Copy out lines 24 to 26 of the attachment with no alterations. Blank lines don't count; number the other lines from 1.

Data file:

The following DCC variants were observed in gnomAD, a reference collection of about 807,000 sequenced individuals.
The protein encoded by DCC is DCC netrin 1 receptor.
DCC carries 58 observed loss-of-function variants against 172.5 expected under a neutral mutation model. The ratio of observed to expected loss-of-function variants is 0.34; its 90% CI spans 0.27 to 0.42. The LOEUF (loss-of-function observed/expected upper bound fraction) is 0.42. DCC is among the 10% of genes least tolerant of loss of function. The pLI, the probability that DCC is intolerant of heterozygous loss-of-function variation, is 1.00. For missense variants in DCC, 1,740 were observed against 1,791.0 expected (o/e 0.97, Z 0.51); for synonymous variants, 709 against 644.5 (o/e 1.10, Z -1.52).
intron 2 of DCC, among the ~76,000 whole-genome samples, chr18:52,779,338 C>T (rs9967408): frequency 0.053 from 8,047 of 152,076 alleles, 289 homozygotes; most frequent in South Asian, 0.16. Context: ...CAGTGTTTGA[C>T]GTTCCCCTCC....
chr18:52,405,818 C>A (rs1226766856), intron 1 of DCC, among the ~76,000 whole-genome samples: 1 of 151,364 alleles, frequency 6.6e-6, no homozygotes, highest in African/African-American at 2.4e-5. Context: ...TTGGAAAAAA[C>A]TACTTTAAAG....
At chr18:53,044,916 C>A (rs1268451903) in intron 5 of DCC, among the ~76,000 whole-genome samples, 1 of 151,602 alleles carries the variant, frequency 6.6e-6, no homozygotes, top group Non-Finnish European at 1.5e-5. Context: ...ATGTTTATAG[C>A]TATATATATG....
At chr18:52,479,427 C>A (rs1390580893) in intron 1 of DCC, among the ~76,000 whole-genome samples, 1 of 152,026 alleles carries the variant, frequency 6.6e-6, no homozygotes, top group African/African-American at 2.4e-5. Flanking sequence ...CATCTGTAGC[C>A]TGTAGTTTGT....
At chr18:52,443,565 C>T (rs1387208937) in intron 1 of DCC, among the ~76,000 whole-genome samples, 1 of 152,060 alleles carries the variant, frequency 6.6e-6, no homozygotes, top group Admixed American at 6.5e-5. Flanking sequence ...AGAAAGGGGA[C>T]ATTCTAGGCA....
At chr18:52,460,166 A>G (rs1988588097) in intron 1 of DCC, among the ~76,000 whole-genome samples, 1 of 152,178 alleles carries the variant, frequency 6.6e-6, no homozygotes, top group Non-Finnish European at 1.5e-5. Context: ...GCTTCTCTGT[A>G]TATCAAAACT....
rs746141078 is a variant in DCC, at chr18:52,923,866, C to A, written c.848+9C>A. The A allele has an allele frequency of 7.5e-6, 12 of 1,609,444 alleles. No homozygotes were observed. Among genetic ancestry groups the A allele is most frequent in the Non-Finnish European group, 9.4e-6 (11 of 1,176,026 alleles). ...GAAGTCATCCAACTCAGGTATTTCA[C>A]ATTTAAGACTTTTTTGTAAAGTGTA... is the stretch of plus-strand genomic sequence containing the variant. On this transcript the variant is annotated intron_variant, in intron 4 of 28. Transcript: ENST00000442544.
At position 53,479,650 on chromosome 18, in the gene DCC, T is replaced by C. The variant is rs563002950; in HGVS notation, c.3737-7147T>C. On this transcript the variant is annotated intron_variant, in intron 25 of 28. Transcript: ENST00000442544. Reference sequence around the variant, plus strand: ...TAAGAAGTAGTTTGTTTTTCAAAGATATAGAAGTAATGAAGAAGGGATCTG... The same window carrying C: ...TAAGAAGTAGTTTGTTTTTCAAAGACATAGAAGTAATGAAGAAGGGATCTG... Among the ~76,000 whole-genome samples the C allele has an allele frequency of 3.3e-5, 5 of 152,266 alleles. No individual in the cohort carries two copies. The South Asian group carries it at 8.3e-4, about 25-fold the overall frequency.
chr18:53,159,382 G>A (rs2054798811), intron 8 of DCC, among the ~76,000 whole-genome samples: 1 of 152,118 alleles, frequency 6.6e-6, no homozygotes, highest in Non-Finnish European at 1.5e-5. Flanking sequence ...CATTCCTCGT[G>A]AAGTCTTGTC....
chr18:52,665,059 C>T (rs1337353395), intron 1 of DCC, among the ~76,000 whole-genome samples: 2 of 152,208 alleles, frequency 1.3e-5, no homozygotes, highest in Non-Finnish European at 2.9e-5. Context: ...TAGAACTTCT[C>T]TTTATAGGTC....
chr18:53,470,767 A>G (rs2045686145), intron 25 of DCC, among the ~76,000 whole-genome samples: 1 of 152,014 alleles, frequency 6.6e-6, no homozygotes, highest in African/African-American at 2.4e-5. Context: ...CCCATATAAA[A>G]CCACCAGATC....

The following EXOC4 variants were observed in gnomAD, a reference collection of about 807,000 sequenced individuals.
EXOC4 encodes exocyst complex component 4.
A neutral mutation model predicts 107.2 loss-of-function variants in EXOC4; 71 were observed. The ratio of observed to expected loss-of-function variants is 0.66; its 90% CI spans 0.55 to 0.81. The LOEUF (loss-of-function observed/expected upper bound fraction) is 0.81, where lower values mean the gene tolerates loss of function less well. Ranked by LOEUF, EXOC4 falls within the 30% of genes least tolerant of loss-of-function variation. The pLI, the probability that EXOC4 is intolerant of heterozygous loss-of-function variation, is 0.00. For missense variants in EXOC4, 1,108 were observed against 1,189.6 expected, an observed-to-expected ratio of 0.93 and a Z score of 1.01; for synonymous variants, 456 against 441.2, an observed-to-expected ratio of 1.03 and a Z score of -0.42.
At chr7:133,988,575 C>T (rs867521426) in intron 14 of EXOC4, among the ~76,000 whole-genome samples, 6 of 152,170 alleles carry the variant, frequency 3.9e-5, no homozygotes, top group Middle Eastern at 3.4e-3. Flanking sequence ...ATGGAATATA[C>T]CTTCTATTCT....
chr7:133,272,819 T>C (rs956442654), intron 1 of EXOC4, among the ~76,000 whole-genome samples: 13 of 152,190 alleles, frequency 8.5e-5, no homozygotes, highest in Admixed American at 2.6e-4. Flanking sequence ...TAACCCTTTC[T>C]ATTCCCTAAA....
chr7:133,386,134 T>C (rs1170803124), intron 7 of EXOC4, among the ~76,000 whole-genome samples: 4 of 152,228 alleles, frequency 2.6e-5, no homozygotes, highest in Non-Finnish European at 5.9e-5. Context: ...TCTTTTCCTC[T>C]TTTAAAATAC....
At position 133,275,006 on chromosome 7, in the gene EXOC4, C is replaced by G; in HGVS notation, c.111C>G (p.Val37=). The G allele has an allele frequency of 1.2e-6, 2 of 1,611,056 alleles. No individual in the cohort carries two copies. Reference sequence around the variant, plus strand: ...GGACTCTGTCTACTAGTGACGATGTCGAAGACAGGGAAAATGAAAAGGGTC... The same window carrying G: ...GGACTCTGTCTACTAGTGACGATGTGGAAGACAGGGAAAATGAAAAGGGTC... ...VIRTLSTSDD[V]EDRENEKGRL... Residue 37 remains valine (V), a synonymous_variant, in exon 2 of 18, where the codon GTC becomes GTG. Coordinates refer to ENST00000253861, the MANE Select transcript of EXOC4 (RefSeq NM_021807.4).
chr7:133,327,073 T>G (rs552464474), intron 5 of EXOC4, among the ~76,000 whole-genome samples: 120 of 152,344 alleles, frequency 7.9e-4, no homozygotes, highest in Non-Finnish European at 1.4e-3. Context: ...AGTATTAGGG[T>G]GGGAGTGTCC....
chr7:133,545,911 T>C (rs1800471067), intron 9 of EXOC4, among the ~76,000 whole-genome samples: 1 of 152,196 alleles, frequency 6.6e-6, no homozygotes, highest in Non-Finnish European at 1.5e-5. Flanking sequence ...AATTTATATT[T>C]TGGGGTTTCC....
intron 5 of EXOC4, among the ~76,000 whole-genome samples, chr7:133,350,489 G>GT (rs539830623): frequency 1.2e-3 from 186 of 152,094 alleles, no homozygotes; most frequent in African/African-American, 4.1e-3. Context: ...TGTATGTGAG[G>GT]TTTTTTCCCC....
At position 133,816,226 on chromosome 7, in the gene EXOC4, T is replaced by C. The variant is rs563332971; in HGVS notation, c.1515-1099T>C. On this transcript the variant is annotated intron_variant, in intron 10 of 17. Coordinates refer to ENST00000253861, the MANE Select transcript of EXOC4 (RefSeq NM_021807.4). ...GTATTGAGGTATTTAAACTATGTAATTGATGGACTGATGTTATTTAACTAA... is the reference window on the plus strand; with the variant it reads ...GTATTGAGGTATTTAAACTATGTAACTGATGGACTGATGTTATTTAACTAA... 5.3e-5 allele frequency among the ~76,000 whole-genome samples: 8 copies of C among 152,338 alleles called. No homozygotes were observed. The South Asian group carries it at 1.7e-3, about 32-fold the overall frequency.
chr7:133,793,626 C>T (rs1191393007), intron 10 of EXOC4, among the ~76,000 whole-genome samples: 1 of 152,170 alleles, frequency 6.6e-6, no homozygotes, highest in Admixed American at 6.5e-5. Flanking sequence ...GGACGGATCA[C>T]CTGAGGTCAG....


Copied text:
intron 5 of EXOC4, among the ~76,000 whole-genome samples, chr7:133,350,489 G>GT (rs539830623): frequency 1.2e-3 from 186 of 152,094 alleles, no homozygotes; most frequent in African/African-American, 4.1e-3. Context: ...TGTATGTGAG[G>GT]TTTTTTCCCC....
At position 133,816,226 on chromosome 7, in the gene EXOC4, T is replaced by C. The variant is rs563332971; in HGVS notation, c.1515-1099T>C. On this transcript the variant is annotated intron_variant, in intron 10 of 17. Coordinates refer to ENST00000253861, the MANE Select transcript of EXOC4 (RefSeq NM_021807.4). ...GTATTGAGGTATTTAAACTATGTAATTGATGGACTGATGTTATTTAACTAA... is the reference window on the plus strand; with the variant it reads ...GTATTGAGGTATTTAAACTATGTAACTGATGGACTGATGTTATTTAACTAA... 5.3e-5 allele frequency among the ~76,000 whole-genome samples: 8 copies of C among 152,338 alleles called. No homozygotes were observed. The South Asian group carries it at 1.7e-3, about 32-fold the overall frequency.
chr7:133,793,626 C>T (rs1191393007), intron 10 of EXOC4, among the ~76,000 whole-genome samples: 1 of 152,170 alleles, frequency 6.6e-6, no homozygotes, highest in Admixed American at 6.5e-5. Flanking sequence ...GGACGGATCA[C>T]CTGAGGTCAG....